At the end of the month, Dave went off to the UK for his brother’s stag do, then I was away for a weekend with friends in Belgium and we had Dave’s sister and nephew here for a week as well. We went exploring in the woods and paddling in streams, and got a few little jobs done at the house. Kathleen helped me plant out some of the plants from my little nursery into the field, which was nice. I hope they do well! And we got the third and final metal beam in for the sleeping loft.

Finally we have a dry forecast next week to get the earthworks finished. We can’t wait to have the house safely back in the hillside.

-Anna

Summertime

There has been some good progress on the house this month, among a few distractions. But we’ve been progressing a variety of tasks, leaving a lot of unfinished ends.

Bench building

It was misty at the start of July. I really hate it when we’re in the clouds but since the rest of Spain was in the throes of a 40-degree heat wave at the time, I think on this occasion we lucked out. I made the most of the time by finishing my second balcony bench. I’m happy with how they turned out. They get a lot of use and gave me more confidence to work on my own.

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Pointing

Omar was chipping and pointing away on the outside wall in all weathers at the start of the month. That meant I was out brushing every morning to make it all look smart. By the time the summer weather hit and it was time for Omar to leave us for a few months to bring in hay for his cows, he had done as much as could be done on that wall. The idea was to get the majority of it pointed to help hold the rocks together when the house is dug out for the drainage work that needs doing. I’m happy that aim has been achieved and it can be drying and hardening before the digger arrives.

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Most of the side wall has been pointed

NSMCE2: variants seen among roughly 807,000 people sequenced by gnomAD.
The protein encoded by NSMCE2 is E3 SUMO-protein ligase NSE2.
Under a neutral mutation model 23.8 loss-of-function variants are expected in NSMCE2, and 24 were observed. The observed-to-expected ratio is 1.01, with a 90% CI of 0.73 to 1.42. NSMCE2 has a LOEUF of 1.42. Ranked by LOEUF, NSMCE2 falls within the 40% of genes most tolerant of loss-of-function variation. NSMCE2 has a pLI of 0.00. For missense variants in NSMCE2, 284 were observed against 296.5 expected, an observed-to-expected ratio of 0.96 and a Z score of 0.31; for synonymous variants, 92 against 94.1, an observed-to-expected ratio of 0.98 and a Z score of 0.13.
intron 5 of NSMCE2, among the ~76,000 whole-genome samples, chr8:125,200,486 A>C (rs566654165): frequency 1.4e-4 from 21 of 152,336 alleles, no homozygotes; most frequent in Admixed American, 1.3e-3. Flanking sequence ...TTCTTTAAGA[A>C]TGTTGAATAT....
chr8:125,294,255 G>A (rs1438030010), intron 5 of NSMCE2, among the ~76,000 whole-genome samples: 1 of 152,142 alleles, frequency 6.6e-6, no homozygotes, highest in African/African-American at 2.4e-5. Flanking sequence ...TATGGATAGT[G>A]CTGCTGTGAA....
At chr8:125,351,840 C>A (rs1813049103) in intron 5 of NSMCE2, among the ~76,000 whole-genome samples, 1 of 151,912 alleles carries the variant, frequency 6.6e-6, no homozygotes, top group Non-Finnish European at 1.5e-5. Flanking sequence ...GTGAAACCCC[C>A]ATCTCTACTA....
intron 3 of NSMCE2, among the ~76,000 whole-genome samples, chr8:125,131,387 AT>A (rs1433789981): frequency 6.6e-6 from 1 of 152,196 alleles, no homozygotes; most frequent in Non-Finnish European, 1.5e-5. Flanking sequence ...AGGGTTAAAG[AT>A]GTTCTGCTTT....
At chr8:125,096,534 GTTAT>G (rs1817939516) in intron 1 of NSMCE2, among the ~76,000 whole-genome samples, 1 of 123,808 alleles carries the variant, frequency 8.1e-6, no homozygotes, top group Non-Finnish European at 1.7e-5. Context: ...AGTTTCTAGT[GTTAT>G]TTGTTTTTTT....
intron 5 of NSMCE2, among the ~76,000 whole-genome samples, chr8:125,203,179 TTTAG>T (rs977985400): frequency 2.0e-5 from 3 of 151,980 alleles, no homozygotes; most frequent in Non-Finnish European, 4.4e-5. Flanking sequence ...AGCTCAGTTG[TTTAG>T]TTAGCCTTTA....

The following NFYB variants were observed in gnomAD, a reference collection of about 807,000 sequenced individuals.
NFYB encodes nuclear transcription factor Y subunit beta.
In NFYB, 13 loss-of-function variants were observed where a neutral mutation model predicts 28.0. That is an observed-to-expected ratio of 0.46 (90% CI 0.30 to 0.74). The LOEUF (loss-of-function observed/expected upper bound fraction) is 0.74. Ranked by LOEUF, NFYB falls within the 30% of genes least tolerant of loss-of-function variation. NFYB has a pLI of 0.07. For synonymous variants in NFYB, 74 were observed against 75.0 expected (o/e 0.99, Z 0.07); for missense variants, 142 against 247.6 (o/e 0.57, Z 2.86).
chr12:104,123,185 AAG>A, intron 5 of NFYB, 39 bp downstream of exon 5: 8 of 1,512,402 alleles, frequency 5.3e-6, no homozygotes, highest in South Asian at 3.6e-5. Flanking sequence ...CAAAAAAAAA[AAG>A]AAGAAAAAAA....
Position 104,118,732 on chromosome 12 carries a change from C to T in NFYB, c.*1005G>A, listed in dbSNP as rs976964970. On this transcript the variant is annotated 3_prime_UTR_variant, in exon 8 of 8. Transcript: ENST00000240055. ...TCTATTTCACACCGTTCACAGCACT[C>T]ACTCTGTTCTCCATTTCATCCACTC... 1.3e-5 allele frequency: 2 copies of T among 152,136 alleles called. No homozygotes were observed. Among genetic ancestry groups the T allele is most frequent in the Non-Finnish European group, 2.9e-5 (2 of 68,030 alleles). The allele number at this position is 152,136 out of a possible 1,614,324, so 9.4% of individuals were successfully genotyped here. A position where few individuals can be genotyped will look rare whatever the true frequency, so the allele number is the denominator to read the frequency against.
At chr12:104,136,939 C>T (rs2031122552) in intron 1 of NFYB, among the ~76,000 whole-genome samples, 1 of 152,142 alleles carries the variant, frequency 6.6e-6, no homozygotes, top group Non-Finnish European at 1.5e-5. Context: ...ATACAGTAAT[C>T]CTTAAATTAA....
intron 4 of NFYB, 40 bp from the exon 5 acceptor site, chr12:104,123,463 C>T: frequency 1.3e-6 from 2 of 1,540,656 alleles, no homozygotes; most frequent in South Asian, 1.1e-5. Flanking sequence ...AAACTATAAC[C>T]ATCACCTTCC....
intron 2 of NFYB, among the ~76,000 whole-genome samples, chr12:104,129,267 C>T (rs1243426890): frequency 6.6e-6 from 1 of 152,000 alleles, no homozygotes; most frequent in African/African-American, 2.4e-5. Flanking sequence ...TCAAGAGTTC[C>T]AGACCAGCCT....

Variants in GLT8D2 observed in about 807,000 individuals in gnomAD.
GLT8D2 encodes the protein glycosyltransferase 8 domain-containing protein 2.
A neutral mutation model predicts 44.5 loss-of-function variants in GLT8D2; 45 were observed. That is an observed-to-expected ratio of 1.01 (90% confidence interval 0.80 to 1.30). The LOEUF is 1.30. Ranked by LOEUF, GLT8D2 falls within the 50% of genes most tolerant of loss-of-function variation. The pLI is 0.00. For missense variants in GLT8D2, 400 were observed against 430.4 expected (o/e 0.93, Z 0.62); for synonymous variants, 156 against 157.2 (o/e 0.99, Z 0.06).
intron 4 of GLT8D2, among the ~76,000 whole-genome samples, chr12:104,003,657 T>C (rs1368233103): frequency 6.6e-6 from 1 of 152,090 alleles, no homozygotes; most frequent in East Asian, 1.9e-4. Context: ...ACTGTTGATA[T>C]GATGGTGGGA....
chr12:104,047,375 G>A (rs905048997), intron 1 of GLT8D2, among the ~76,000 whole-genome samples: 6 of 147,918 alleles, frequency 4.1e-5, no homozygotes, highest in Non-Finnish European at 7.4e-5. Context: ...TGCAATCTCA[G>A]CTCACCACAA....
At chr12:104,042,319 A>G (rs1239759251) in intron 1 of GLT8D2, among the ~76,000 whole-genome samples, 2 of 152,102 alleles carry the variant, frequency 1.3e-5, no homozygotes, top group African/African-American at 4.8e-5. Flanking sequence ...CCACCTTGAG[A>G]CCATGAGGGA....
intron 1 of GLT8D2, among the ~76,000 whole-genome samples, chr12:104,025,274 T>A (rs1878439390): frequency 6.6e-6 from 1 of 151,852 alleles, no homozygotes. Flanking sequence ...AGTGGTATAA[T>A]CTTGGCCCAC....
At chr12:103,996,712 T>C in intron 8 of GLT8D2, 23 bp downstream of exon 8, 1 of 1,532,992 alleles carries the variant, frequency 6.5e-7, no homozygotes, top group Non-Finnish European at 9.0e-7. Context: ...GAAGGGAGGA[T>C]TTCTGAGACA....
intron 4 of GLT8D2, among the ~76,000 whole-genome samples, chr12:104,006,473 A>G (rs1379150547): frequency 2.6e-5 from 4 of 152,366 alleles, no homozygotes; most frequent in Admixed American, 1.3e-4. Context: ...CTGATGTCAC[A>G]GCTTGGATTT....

Sleeping loft

Having prepared three of the four beam holes for the sleeping loft last month, just the final spot needed to be sorted out. We wanted to place the beam right where there was a rather large rock in the wall. So instead of taking it out, I thought it would be a good idea to hang a bracket there. I went to see the blacksmith and ordered a bracket to measure. Then I set about making its mounting place nice and flat. Between the hammer drill, angle grinder and chisel, I managed to get a pretty neat finish. And below the big rock, I chipped out the assortment of small rocks and mortar and put in a single good rock with new mortar. That has been drying nicely but I have still yet to mount the bracket.

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Flat place to mount a bracket

I designed and built a little beam trolley with the idea of bringing the steel beams for the sleeping loft over the field more easily than we brought in the main floor beams. When they got dropped off, Dave and I started with the smallest one to practice with the cart and that went really well. So with the help of Tarje and Omar, the four of us got all three beams in the house in under two hours. Hurray for the beam trolley and three cheers for helpful neighbours!

The next day I sanded the loose rust off and painted them with primer. I had been hoping to get them fully painted and in position by the time we hosted our birthday party at the house, but that was not to be. The paint we ordered didn’t turn up in time and we had to get the longest beam out the way, so we hoisted it into position temporarily. It took hours. It was really awkward to get in place on account of only just being able to fit in.

It stayed resting in position whilst we got into party planning mode. We tidied up, I set up the barbeque and Dave wired us some lights and plug sockets. I also made a table, which was a fun opportunity to use my new birthday present. We had some friends over for food and drinks and had a wonderful time enjoying the house as a place to hang out rather than a place where lots still needs to be done.

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Birthday saw! (Great pressie Dave)